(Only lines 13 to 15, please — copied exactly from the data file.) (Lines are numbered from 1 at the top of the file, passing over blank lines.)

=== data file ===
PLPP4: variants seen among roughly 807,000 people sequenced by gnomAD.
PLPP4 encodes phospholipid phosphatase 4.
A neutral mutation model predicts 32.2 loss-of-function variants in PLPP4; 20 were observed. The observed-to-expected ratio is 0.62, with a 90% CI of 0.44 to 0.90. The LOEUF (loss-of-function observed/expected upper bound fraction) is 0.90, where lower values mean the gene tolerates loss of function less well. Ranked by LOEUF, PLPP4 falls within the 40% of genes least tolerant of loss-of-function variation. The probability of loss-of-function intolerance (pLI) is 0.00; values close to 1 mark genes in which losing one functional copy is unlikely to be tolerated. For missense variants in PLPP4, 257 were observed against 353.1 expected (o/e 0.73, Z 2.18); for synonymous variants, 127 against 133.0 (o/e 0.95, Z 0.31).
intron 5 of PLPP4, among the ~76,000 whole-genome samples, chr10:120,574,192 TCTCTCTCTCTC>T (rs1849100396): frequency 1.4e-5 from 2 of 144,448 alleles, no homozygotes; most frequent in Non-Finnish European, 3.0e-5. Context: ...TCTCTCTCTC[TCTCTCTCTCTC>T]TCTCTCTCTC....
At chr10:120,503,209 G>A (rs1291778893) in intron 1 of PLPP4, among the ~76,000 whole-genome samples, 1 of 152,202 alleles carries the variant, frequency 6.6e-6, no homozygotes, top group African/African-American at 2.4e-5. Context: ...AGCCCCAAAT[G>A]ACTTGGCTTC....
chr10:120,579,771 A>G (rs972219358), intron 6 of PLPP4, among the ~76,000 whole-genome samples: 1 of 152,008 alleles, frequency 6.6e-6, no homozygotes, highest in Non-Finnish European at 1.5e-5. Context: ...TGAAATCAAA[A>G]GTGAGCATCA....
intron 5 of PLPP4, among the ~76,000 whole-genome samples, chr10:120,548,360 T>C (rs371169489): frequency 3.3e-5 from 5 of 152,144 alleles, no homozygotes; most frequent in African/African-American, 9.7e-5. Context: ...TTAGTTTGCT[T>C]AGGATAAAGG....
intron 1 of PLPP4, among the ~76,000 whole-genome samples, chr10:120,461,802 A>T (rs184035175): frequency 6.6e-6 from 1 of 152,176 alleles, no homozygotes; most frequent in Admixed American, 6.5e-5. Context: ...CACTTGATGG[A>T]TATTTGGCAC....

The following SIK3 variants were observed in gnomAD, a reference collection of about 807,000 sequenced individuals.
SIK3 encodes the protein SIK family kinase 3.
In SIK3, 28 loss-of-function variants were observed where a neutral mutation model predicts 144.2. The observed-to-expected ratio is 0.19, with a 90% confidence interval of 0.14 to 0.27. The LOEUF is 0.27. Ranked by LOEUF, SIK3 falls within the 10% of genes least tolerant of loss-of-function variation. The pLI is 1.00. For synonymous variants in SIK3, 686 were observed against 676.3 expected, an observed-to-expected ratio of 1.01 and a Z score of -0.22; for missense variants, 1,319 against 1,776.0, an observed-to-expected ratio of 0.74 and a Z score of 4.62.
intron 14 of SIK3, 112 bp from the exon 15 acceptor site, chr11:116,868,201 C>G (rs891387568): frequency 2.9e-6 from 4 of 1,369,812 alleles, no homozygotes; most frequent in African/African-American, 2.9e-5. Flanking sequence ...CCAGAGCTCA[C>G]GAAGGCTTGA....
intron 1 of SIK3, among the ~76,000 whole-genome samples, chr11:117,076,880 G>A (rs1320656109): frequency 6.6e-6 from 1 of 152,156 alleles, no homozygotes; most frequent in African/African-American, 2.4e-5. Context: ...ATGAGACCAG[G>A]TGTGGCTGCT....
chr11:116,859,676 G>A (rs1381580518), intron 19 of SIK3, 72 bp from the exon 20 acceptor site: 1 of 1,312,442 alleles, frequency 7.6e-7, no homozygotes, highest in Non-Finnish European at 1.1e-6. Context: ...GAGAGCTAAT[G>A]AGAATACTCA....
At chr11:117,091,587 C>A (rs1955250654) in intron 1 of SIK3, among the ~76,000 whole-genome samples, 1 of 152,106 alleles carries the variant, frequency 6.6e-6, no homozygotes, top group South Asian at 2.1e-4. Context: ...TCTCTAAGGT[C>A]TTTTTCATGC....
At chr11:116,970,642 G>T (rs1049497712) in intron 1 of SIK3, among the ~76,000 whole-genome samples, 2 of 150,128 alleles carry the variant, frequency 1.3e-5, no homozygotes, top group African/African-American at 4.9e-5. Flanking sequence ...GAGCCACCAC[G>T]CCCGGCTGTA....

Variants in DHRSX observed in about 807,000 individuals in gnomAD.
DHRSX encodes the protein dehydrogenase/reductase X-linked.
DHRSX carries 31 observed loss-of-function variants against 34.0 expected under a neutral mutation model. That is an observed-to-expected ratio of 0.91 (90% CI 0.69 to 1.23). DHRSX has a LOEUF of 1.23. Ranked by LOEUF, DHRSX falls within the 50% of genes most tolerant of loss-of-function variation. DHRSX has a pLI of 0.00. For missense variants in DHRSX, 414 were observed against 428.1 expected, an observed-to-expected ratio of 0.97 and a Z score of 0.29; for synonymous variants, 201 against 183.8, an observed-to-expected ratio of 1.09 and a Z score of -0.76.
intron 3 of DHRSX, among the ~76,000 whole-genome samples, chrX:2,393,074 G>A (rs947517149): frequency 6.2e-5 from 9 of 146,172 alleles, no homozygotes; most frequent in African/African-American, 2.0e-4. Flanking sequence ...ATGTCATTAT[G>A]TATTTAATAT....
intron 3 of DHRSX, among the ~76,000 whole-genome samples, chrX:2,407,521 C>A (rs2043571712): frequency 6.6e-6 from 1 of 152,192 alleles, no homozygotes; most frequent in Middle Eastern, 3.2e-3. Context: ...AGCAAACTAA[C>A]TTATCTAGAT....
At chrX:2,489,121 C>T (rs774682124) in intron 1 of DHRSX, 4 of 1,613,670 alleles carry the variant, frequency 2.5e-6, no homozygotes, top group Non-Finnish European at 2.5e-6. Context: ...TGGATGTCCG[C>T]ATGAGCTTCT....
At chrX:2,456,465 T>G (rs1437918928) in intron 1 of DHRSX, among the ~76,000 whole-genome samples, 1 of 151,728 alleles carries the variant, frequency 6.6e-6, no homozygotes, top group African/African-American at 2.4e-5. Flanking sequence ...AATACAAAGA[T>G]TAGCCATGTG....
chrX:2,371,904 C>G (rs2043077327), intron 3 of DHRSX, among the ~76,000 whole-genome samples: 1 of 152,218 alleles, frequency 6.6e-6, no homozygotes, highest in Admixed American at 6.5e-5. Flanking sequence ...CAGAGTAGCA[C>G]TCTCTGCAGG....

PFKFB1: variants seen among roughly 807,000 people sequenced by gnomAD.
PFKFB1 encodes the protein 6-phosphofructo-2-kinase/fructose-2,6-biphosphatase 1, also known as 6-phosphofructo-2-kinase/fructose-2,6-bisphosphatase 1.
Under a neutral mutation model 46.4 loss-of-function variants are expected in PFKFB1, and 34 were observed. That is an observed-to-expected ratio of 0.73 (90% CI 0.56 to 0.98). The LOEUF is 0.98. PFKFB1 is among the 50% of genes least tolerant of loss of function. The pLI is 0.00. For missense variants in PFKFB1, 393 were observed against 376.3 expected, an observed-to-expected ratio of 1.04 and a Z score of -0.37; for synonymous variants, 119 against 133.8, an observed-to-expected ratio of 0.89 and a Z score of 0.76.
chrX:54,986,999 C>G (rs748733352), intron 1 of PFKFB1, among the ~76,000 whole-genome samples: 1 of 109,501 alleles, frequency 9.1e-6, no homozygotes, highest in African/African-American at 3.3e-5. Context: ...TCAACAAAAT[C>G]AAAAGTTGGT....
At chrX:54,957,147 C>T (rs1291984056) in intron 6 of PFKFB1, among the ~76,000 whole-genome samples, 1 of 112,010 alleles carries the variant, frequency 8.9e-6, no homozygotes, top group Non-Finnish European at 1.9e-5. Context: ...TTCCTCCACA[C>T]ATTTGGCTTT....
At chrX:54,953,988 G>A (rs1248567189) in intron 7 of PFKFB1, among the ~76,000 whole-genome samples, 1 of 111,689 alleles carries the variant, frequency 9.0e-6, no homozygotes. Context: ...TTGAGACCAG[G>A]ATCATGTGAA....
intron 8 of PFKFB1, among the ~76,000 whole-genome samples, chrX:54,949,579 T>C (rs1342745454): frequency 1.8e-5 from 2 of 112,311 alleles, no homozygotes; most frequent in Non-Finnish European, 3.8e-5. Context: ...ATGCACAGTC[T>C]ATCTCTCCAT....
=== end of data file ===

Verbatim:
intron 1 of SIK3, among the ~76,000 whole-genome samples, chr11:117,076,880 G>A (rs1320656109): frequency 6.6e-6 from 1 of 152,156 alleles, no homozygotes; most frequent in African/African-American, 2.4e-5. Context: ...ATGAGACCAG[G>A]TGTGGCTGCT....
chr11:116,859,676 G>A (rs1381580518), intron 19 of SIK3, 72 bp from the exon 20 acceptor site: 1 of 1,312,442 alleles, frequency 7.6e-7, no homozygotes, highest in Non-Finnish European at 1.1e-6. Context: ...GAGAGCTAAT[G>A]AGAATACTCA....
At chr11:117,091,587 C>A (rs1955250654) in intron 1 of SIK3, among the ~76,000 whole-genome samples, 1 of 152,106 alleles carries the variant, frequency 6.6e-6, no homozygotes, top group South Asian at 2.1e-4. Context: ...TCTCTAAGGT[C>A]TTTTTCATGC....